Coghill chum harvest at 1.8 M
Cordova Times by Margaret Bauman – July 20, 2018
Harvest of chum and sockeye salmon in the Coghill district of Prince William Sound reached an estimated 1,777,250 and 172,799 fish respectively as of July 16, exceeding the 10-year averages of 1.5 million chum and 150,000 reds, state fisheries biologists said.
Chefs to import wild Alaska salmon to France
KMXT by Daysha Eaton – July 18, 2018
A group of French chefs have been traveling around Kodiak Island to learn about Alaska wild salmon.
They have been meeting with local seafood processors in hope of sourcing king and coho salmon for import back to France where they plan to smoke it using french recipes.
Seafood analyst: Trump’s proposed tariffs hurt Alaska
KTVA by Liz Raines – July 18, 2018
Alaska’s seafood industry should brace for another setback in the growing trade war with China, according to an industry analyst.
Russian Ban on Transhipping on Foreign Vessels Could Cripple Fishing Industry
SEAFOODNEWS.COM by Eugene Gerden – July 29, 2018
The Russian fishing industry is on the verge of serious losses, due to the recent national Federal Security Service (FSB) warnings to fishing companies about new requirements limiting foreign transport ships and tenders.
The introduction of these new requirements have already been confirmed by the All-Russian Association of Fishermen (VARPE), a public association that unites some leading Russian fish producers.
Previously, such requirements were not imposed if the foreign vessel had the right to operate under the Russian flag and was operated by Russian persons under bareboat charter contracts.
VARPE learned about the change from several enterprises of the Northern Basin. Last week, VARPE president German Zverev was informed about the problem from some Russian fish producers in the Far East.
According to some of the Russian fish harvesters, fishing companies often operate a limited fleet and sign contracts with tenders for transshipment of their catches from fishing areas to primary onshore processors. Due to the limited conditions and terms of storage for products, companies often sign contracts with any available tender/shipowner in the area.
Analysts at Russian Rosryvbolovstvo said there is a clear shortage of vessels in the maritime transport market. According to their estimates, foreigners own about 70 percent of the transshipment fleet with a total capacity of 22,500 tonnes only the Northern Basin alone.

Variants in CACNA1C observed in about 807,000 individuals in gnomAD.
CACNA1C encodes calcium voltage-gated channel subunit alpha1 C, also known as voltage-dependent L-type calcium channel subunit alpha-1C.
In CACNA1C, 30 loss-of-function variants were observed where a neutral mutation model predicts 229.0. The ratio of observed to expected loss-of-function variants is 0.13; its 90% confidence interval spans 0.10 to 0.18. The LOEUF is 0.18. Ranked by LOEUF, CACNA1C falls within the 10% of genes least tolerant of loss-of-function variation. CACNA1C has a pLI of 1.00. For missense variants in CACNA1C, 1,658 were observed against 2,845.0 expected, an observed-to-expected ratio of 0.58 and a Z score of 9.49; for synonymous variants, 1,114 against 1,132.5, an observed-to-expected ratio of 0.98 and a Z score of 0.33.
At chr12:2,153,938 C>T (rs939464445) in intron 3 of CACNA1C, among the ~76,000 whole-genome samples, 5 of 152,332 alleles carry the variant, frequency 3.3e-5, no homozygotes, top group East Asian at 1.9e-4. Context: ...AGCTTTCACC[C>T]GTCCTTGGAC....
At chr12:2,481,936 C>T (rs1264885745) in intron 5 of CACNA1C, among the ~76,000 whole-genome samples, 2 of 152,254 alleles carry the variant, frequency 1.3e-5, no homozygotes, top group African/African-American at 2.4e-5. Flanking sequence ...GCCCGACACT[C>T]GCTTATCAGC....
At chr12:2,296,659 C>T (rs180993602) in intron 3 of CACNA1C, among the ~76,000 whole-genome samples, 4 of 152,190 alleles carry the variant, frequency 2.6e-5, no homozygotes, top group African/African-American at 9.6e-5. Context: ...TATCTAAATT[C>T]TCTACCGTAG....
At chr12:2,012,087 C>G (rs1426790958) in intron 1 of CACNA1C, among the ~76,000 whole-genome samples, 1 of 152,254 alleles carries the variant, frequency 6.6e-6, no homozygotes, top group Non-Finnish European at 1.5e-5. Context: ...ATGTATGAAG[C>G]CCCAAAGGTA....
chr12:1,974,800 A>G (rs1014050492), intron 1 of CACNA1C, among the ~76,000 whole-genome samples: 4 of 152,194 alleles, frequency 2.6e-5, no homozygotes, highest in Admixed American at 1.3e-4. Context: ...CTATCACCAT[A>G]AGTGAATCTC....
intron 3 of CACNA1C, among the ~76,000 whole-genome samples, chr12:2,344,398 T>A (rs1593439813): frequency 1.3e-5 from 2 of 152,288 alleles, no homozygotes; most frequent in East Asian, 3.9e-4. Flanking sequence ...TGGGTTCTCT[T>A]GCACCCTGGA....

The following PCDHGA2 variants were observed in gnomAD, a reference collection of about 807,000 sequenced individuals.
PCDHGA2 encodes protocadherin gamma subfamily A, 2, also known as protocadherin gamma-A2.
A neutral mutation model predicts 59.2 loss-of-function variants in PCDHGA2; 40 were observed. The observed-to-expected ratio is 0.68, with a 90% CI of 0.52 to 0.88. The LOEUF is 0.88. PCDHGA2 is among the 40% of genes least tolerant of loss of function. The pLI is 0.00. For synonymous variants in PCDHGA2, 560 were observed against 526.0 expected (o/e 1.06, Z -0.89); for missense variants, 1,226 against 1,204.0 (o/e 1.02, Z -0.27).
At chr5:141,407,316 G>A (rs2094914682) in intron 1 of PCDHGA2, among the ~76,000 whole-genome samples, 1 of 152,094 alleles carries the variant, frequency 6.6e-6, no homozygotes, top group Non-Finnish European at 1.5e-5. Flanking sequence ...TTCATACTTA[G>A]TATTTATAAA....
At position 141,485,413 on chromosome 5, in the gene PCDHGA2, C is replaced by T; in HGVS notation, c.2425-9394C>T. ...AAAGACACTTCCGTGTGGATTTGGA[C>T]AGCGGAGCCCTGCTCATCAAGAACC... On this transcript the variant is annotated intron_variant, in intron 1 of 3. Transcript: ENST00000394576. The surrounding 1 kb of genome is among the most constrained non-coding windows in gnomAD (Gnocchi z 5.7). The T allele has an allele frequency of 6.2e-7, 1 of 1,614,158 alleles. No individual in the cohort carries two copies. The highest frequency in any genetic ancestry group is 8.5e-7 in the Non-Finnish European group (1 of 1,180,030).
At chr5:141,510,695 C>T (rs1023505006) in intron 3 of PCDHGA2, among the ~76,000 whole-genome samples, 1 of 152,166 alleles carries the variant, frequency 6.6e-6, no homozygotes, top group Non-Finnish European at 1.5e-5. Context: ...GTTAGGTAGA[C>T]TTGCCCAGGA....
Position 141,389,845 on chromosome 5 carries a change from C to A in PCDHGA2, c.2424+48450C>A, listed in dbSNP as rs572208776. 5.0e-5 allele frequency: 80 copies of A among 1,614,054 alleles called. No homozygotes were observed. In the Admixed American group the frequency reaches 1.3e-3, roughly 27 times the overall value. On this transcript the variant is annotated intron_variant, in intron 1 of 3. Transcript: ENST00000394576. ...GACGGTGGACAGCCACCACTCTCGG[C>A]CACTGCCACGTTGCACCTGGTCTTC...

According to harvesters, the exclusion of foreign vessels from the transportation and reloading chains of fish products in Russia will lead to enormous losses to local fish producers, including losses from stopping fishing activities and from possible damage to products.
According to German Zverev, whose company that catches 100,000 tons of cod, haddock and capelin a year in the North Basin, harvesters will have to spend at least an additional $2 million USD on logistics due to the ban. In addition, the immediate changes to logistics routes due to the inability to work with foreign-owned ships during the peak fishing season can cost producers an additional $1 million USD.
Overall, according to calculations of Rosrybolovstvo and local fish producers, additional costs of the industry as a result of the latest requirements of FSB could reach 12 billion rubles per year ($200 million USD). This could result in the increase of prices for fish and seafood in Russia.
According to fishermen, the existing federal law “On Fisheries,” which is the primary legislative act that regulates fishing activities in Russia, is ambiguous regarding foreign-owned ships and tenders for transporting fish and seafood.
In this regard, producers are considering filling a petition to Russian Prime Minister Dmitry Medvedev, asking to check the current situation in the domestic fishing industry.
Representatives of FSB were not available for comment.
Warm water threatens what should be bumper year for Fraser River sockeye
14 million sockeye forecast to return to Canada’s biggest salmon river — but number may be as low as 5 million
CBC News – July 18, 2018